You absolutely will not have anything like the same power or torque on a motor wound for 84V running on 68 volts as you will the same motor wound for 67 Volt running on 67 volts.

Edited by Keith
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To the best of my knowlegde, they all use 60V ebike motors - both for the 67.2V and 84V wheels (at least ACM/msuper V3/Monster which is the same motor).

You're assigning way too much competence and financial clout to out beloved manufacturers:efef3d5527:  From the existence of the 67V Teslas, I guess GW has a shitload of old ordered parts that they must use somehow. We have seen one year old motors on current wheels here (wheel and motor production dates/code). Them using custom, differently wound motors for the different wheels would be the world's biggest surprise.

Edited by meepmeepmayer
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On 1.11.2017 at 1:04 PM, Keith said:

OK, we are insisting on taking this, what should be simple discussion, back to the esoteric again - so be it!

You are completely ignoring the fact that an 84v system will absolutely not have the same motor as a 67V system. The 84V motor might look like it is physically the same but it will have to be wound for a lower kV - I.e. more turns of thinner wire, so it will handle a lower maximum current. However torque is inversely proportional to kV so you will get the same torque at that lower maximum current.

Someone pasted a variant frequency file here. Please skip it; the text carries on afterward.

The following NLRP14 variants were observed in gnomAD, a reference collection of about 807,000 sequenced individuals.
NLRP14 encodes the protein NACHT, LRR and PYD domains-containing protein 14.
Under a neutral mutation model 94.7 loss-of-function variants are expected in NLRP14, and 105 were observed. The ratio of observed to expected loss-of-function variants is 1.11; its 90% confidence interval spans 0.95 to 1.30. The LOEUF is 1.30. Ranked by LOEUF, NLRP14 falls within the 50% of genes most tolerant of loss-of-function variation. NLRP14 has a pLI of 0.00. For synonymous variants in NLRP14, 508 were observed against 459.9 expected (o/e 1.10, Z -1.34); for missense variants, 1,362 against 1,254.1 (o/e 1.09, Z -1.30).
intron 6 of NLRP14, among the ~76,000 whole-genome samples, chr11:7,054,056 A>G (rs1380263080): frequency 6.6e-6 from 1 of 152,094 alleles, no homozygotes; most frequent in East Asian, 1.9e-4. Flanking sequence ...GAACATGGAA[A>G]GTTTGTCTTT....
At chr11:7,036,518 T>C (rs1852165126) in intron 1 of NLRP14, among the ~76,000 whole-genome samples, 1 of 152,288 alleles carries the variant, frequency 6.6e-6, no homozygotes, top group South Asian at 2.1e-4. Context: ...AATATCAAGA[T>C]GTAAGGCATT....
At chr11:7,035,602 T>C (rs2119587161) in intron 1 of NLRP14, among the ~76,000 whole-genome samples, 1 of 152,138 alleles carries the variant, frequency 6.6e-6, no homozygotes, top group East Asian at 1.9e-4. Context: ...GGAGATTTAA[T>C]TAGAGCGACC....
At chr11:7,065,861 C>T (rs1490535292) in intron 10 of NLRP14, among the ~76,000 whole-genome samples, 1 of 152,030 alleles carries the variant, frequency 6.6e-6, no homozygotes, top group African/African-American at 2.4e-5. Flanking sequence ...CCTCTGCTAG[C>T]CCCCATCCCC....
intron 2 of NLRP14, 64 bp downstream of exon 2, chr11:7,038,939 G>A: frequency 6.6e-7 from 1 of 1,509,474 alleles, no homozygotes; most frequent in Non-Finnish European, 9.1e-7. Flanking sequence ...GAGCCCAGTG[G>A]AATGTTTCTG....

In other words the physically same size motor wound for two different voltages will actually have, as near as damn it, the same maximum torque output and also same maximum power output as the higher voltage will be countered by the lower current of the high voltage motor.

The only real advantage of the higher voltage motor is reduced I squared R losses as heat due to the same power being generated at lower current, so the improvements you see are due to improved efficiency.

You absolutely will not have anything like the same power or torque on a motor wound for 84V running on 68 volts as you will the same motor wound for 67 Volt running on 67 volts.

The Msuper V3 and the V3s+ motors have the same kv and extremely high chance to have just the exact same motor (http://forum.electricunicycle.org/topic/7549-current-demand-versus-battery-voltage/?do=findComment&comment=106135)